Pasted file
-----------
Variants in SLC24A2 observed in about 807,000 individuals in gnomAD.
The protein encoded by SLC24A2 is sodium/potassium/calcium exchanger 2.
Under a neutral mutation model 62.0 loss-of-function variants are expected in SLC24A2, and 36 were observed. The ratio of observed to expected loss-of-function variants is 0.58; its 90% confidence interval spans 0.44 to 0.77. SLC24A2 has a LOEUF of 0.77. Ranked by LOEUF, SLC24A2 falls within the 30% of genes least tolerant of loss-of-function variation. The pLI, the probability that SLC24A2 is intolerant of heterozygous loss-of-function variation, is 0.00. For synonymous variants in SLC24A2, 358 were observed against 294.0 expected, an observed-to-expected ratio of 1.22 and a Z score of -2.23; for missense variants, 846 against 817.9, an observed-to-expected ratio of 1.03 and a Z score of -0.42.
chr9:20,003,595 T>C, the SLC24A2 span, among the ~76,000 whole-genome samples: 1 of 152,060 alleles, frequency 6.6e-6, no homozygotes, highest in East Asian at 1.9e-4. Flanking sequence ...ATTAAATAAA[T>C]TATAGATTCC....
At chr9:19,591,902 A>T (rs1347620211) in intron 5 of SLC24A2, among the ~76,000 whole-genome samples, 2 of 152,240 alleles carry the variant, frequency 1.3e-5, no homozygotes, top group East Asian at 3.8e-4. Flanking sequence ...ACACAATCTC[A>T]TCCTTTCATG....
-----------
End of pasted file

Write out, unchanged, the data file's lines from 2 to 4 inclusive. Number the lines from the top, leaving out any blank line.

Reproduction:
The protein encoded by SLC24A2 is sodium/potassium/calcium exchanger 2.
Under a neutral mutation model 62.0 loss-of-function variants are expected in SLC24A2, and 36 were observed. The ratio of observed to expected loss-of-function variants is 0.58; its 90% confidence interval spans 0.44 to 0.77. SLC24A2 has a LOEUF of 0.77. Ranked by LOEUF, SLC24A2 falls within the 30% of genes least tolerant of loss-of-function variation. The pLI, the probability that SLC24A2 is intolerant of heterozygous loss-of-function variation, is 0.00. For synonymous variants in SLC24A2, 358 were observed against 294.0 expected, an observed-to-expected ratio of 1.22 and a Z score of -2.23; for missense variants, 846 against 817.9, an observed-to-expected ratio of 1.03 and a Z score of -0.42.
chr9:20,003,595 T>C, the SLC24A2 span, among the ~76,000 whole-genome samples: 1 of 152,060 alleles, frequency 6.6e-6, no homozygotes, highest in East Asian at 1.9e-4. Flanking sequence ...ATTAAATAAA[T>C]TATAGATTCC....